There are many things that a speech must contain to make it a well written and spoken speech. John F. Kennedy 's speech he gave on September 12th 1962, titled “Address at Rice University on the Nation 's Space Efforts”, better known as “We Choose to go to the Moon” contains many of the important factors of a successful speech. Kennedy used rhetorical strategies and skills to help him influence the American people to help accomplish the major goal of reaching the moon. Kennedy did not only want to reach the moon, but he wanted to be the first country to do so. President Kennedy effectively told the objective he found important by using ethos, pathos and kairos throughout his speech to help get the support of the people. By using these three rhetorical strategies Kennedy gave a moving speech.
On a cold January day America’s newly appointed president John F. Kennedy delivered his inauguration address that was incredibly important to America’s success during the Cold War. Kennedy uses his speech as a call to arms, but not only to America but the World and our allies as a whole. He uses his strong powerful voice to appeal to the ethics of the country in the beginning of his speech telling America about the promise we made when we were founded and that we must uphold it still today, telling America we must make a difference. Kennedy also uses ethics to explain that we the people are united no matter what your background or where you are from, he refers to the Americas as one place, because he wants for us to feel unified not divided. Furthermore Kennedy’s use of powerful imagery, logic and pathos allows for him to effectively call the people of the World together during this terrible time.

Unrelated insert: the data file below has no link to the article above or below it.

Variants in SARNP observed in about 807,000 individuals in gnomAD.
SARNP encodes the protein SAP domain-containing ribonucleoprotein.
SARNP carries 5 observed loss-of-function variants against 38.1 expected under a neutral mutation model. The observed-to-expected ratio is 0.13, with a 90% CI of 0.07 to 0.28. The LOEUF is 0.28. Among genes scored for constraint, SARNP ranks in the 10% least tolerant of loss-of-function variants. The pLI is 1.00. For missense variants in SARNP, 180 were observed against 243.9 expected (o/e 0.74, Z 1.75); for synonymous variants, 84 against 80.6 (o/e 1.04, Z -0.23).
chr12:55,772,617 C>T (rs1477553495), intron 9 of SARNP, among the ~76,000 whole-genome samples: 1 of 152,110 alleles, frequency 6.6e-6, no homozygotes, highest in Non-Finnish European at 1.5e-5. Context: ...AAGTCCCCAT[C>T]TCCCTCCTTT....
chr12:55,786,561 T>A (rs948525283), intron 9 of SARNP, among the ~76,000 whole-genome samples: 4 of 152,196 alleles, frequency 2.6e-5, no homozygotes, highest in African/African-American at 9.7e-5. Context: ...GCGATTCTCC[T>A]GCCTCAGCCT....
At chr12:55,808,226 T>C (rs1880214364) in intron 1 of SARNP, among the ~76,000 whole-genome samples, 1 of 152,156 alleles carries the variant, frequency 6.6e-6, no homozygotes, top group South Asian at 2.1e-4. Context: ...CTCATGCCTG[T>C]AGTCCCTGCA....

In John F Kennedy’s “Inaugural address”, he tries to bring the nation together by speaking confidently and powerful. Kennedy’s vigorous use of rhetorical devices including Antithesis, Reasoning, Emotional Appeal, Allusion, and Anaphora that contribute to the success of his speech. JFK uses these rhetorical devices to convey his ambitions and hopes for america as a nation in a whole. Also hoping for a pledge of peace; that we do not show weakness. In his hopes of coming together our acts individually would make us look and be stronger. Kennedy used his speech as a way to draw all of the audience in by pulling us together.
As a person who was known for his ability to speak publicly, and communicate comprehensible meanings while inspiring the people of his nation, President John F. Kennedy (JFK) gave his inaugural address on January 20th, 1961 in Washington D.C.. JFK was widely distinguished for his ability to use rhetoric in front of the masses, and in mass media. Like many authors and penman, President Kennedy implemented huge doses of rhetorical strategies in his speech, focusing on the appeals of Aristotle: ethos, logos and pathos. Ethos is used to convince the audience of the author’s credibility, logos is an appeal through the use of logic and reasoning, while pathos is an emotional appeal (Gayle et al). JFK applied all these rhetorical appeals